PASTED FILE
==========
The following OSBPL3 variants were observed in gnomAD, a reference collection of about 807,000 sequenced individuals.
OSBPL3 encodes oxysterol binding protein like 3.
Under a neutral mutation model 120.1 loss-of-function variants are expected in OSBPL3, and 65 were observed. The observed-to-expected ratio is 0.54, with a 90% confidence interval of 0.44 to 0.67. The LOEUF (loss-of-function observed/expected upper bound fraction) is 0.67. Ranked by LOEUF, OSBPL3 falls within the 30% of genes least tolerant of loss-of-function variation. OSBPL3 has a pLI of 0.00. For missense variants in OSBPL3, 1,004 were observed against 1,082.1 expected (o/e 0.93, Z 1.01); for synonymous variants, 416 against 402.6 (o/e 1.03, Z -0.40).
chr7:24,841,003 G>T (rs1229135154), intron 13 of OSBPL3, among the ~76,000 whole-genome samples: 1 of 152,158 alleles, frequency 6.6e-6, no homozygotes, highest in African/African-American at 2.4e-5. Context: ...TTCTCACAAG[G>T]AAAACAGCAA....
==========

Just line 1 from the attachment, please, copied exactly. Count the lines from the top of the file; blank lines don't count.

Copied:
The following OSBPL3 variants were observed in gnomAD, a reference collection of about 807,000 sequenced individuals.